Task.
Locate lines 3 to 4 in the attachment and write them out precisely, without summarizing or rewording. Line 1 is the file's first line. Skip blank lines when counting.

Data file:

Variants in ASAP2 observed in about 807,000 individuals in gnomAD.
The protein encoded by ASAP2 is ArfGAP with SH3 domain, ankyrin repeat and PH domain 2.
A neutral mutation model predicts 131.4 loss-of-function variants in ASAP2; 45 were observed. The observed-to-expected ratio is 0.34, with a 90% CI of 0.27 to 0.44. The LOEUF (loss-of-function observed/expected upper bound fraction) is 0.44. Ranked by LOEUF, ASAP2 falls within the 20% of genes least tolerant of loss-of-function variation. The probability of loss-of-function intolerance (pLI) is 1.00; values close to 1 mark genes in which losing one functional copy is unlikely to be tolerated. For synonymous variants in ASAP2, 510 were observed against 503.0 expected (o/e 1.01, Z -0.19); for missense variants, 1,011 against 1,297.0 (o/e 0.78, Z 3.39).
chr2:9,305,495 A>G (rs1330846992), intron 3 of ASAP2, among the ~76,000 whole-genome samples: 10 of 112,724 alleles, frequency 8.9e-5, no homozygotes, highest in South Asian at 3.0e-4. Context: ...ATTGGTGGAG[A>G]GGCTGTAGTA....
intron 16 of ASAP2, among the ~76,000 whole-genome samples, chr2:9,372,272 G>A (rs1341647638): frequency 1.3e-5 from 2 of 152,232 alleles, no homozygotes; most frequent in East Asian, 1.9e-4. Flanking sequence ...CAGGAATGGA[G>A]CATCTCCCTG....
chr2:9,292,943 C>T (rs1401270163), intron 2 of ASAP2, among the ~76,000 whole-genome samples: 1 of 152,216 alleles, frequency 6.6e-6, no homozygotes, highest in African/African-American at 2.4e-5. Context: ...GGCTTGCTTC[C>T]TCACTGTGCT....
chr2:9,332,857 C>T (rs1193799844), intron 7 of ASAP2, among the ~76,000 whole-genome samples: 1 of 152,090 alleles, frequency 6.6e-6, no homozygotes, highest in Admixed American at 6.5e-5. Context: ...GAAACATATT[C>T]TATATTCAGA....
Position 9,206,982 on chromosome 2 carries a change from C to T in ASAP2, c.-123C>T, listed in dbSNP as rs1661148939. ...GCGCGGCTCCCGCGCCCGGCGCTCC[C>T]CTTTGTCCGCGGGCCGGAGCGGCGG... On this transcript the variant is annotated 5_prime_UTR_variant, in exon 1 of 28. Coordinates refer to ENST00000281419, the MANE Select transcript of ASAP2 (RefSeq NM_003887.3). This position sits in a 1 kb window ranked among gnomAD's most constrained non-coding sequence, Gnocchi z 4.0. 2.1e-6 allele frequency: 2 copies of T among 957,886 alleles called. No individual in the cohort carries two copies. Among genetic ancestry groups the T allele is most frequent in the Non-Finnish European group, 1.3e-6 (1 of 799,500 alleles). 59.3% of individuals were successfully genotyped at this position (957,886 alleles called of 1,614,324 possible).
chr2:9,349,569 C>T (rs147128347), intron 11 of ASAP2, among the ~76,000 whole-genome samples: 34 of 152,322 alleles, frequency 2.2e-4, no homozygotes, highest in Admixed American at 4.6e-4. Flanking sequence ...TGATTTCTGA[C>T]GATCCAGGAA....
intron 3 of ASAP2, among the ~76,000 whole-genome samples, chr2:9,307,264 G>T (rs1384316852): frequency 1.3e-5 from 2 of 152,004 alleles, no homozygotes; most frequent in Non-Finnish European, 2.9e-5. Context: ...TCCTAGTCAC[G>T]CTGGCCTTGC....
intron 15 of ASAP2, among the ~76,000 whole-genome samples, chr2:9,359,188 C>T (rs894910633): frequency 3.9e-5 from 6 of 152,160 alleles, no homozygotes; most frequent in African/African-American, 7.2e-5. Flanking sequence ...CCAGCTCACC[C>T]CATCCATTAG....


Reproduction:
A neutral mutation model predicts 131.4 loss-of-function variants in ASAP2; 45 were observed. The observed-to-expected ratio is 0.34, with a 90% CI of 0.27 to 0.44. The LOEUF (loss-of-function observed/expected upper bound fraction) is 0.44. Ranked by LOEUF, ASAP2 falls within the 20% of genes least tolerant of loss-of-function variation. The probability of loss-of-function intolerance (pLI) is 1.00; values close to 1 mark genes in which losing one functional copy is unlikely to be tolerated. For synonymous variants in ASAP2, 510 were observed against 503.0 expected (o/e 1.01, Z -0.19); for missense variants, 1,011 against 1,297.0 (o/e 0.78, Z 3.39).
chr2:9,305,495 A>G (rs1330846992), intron 3 of ASAP2, among the ~76,000 whole-genome samples: 10 of 112,724 alleles, frequency 8.9e-5, no homozygotes, highest in South Asian at 3.0e-4. Context: ...ATTGGTGGAG[A>G]GGCTGTAGTA....